Do you know what my wife said when she saw this had arrived through the post? "Oh, lush."
I'm not saying she is Joanna Page or Stacey, just that sometimes the similarities get a little spooky.
Anyway: Gavin & Stacey, bit of a sleeper hit during its first series on BBC3, won surprising amounts of awards, then suddenly went through the roof during series two, which went on to win even more awards.
Now series two is going to be repeated on BBC1 (starting this Friday) just in time for a Christmas special, also to be aired on BBC1, and for this DVD release.
It's a lovely little sitcom about a girl from Wales and a boy from SE England who meet, fall in love and get married (rings some bells. Hmm). But as the tag line almost says, it's not just the two of them and the story is as much about their best friends and family as it is about them.
You know, for an awful 20 minutes or so, I thought this was going to be bad. Not Bonekickers bad, simply daft. Because it's very, very easy when you're dealing with demons, exorcisms and faith to put one foot wrong and mess the whole thing up.
Certainly, Apparitions starts off by putting that foot right into its mouth, revisiting 1997 and the death of Mother Theresa.
The 70s was a great time for TV. Whether it was drama, comedy, documentary or stupid escapist tatt, the 70s turned up some of the best television ever made - although sometimes ambition exceeded either the budget or the technology.
Even kids TV was great, particularly if it was science-fiction or fantasy. Not only was it well made, it was intelligent. Whether you watched the Beeb and caught Doctor Who, The Changes or The Moon Stallion, for example, or watched ITV and tuned in for Timeslip, Ace of Wands or Children of the Stones*, you could pretty much be guaranteed something interesting that made you think.
The reasons for the high quality of kids' sci-fi TV are clear. Not only were there people with an ethos of creating decent programming for kids at both networks, a competitive duopoly that encouraged innovation and a captive audience with little else to do but watch tele, thus avoiding lowest common denominator worries, there was access to really good, high grade hallucinogenic drugs.
Whether it was magic mushrooms, LSD or even peyote, TV writers were knocking back quite extravagant amounts of not quite illegal substances, giving them a new view on reality, writing and the creative process.
Sky is perhaps the most obvious example of a kids' show written by people on drugs**. Created by Bob Baker and Dave Martin in 1975, it was a curious seven-part serial about an alien that comes to Earth.
So far, so simple, no?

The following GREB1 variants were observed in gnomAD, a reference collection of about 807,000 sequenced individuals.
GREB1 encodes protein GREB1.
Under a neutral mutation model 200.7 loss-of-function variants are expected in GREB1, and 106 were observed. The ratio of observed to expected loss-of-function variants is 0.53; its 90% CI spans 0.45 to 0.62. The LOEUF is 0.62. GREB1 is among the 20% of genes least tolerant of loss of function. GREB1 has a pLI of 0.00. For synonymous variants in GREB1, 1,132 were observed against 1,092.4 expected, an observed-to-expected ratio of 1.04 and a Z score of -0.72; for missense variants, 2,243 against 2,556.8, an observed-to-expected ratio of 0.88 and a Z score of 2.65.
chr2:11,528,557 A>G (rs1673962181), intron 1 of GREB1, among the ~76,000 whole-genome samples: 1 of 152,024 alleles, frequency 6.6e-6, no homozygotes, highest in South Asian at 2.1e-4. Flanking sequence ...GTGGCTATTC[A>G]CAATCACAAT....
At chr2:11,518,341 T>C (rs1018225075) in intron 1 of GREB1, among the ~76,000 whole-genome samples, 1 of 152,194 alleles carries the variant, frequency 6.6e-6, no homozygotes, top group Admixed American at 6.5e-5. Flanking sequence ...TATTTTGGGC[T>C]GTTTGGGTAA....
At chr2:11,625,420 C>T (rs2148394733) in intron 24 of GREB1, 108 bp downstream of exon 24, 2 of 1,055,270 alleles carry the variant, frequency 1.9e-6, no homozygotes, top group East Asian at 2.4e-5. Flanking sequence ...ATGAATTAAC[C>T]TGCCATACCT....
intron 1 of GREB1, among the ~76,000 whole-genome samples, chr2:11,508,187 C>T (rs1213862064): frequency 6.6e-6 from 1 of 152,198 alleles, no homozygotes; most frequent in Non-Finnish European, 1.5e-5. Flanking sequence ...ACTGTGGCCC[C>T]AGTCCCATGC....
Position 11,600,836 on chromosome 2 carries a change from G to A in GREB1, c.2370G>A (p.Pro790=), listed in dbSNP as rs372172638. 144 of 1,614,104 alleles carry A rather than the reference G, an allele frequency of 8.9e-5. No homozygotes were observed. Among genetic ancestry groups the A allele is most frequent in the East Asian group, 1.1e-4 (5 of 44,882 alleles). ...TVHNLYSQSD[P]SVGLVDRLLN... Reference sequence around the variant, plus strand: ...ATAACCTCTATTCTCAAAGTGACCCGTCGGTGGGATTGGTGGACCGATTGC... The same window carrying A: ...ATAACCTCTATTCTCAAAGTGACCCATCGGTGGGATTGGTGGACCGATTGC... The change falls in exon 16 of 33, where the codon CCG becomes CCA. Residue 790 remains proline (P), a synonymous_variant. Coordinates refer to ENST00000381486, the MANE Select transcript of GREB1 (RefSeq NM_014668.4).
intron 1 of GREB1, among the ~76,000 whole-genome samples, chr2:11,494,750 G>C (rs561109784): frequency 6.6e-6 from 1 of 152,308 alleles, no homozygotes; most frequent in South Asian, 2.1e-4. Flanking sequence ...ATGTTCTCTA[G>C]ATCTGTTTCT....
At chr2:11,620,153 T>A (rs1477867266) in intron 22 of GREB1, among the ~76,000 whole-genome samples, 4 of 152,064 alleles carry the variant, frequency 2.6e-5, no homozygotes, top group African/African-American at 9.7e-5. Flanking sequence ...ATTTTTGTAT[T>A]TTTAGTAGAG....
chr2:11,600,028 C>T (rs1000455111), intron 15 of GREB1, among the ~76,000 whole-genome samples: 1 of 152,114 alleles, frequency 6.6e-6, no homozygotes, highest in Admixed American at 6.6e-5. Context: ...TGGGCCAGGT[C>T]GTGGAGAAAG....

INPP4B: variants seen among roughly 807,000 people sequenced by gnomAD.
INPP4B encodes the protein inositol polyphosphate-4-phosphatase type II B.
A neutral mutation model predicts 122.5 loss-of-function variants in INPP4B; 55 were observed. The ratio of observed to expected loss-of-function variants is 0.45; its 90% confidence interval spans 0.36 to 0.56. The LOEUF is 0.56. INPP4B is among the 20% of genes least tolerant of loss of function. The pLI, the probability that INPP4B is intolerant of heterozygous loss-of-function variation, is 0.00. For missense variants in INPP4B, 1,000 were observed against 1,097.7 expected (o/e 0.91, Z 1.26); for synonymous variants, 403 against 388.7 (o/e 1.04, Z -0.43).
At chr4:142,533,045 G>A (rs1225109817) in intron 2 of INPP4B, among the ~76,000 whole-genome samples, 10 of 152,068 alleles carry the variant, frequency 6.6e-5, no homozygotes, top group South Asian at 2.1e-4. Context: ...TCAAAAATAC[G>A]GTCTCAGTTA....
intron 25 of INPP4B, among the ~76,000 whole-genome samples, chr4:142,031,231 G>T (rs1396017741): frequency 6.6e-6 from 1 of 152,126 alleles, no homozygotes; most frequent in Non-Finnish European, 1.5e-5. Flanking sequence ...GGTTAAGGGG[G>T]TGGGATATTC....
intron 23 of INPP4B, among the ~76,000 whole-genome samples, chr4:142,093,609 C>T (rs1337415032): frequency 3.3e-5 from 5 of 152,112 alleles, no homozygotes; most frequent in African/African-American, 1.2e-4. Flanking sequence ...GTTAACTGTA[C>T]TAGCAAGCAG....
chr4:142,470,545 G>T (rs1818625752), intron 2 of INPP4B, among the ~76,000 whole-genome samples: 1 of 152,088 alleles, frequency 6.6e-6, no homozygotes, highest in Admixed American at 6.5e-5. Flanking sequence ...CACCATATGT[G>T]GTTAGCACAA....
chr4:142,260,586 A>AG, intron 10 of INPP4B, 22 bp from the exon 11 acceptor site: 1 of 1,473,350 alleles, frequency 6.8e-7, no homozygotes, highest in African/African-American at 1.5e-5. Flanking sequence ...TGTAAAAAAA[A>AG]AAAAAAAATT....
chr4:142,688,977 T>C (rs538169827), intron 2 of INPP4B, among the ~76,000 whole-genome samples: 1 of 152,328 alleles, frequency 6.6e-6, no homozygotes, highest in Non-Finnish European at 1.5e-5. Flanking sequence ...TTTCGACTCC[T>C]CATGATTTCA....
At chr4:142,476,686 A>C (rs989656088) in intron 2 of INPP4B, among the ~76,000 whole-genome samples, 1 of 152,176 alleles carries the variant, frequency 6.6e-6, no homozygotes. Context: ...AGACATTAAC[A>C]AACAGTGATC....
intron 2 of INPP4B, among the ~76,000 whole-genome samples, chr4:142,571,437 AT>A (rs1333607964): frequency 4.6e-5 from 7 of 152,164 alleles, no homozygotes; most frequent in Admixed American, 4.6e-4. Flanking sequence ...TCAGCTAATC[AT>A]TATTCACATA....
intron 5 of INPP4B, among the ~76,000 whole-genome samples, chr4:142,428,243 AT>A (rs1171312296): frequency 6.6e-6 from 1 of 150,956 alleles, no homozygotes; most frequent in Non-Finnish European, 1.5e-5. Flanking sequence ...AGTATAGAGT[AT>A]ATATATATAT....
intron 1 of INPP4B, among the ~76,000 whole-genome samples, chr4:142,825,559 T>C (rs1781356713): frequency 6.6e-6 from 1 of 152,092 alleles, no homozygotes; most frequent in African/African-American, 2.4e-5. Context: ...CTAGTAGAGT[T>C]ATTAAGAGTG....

What differentiates it from other similar fare is that it's clearly off its face. Sky is a time traveller with incredible powers from another dimension. Or maybe another universe. Except he might be a god. Just like Jesus and any other religious figure in fact, since they were all time-travellers too.
He's arrived here before the correct time - we're still "before the chaos" - and needs to get to the future where he can show the surviving people of the Earth the right way to live in harmony with the Earth. Trouble is, the Earth of today senses that's he's alien and tries to repel him, just like an immune system repelling a bacterium. While he searches for 'the Juganet' - the way to the future - Sky is attacked by trees and plantlife, before eventually the Earth creates something in human form - 'Ambrose Goodchild' - to destroy Sky.
It's never been repeated, it's never been released on VHS or DVD, but you can watch it some of it on YouTube. It's a Lost Gem. Here's the title sequence followed by a clip to get you in the mood. You might need to be taking something though.
About the blog
A UK media blog focusing on the best scripted TV from around the world, with daily news, views, exclusive reviews and good conversation. There's a bit of a bias towards the latest and greatest US TV, but we also cover Scandinavian, Canadian, European and Antipodean TV, as well as UK TV ranging from new Doctor Who to old Z Cars, and BBC4 to S4C.
Add in film, theatre, art, books, events, competitions and even weekly reviews of Wonder Woman comics, and you've (hopefully) got officially the fourth best blog on the web for media lovers. Oh yes, and there's The Barrometer, the ultimate guide to quality TV.
Praise for the blog Cision: fourth most important UK TV blog Blogging Edge: Blogger running Britain 2013
"For most of us watching the telly of an evening is a way to wind down and relax, but for Rob Buckley it’s his blogging bread and butter. With reviews of cult classics and up and coming US and Brit television shows, The Medium is Not Enough is fast becoming essential reading for TV buffs, with over 50,000 hits a month."
"The Medium Is Not Enough is a light-hearted look at TV, often from the US, but also from the UK. With varied, well-written content, the blog features healthy engagement and features well in search engines."
"Billing itself as 'officially the fourth most popular UK TV blog', there are several whimsical regulars here that could help it climb as high as number three…"
I'm Rob Buckley, a freelance journalist who writes for UK media magazines that most people have never heard of, although you might have heard me on Radio 5 Live's Saturday Edition or Afternoon Edition. I've edited Dreamwatch, Sprocket and Cambridge Film Festival Daily; been technical editor for trade magazine Televisual; reviewed films for the short-lived newspaper Cambridge Insider and the equally short-lived Death Ray and Filmstar magazines; written features for the even shorter-lived newspaper Soho Independent; and was regularly sarcastic about television on the blink-and-you-missed-it "web site for urban hedonists" The Tribe. I'm freelance now and have contributed to the likes of Broadcast, Total Content + Media, Action TV, Off The Telly, Action Network and TV Scoop.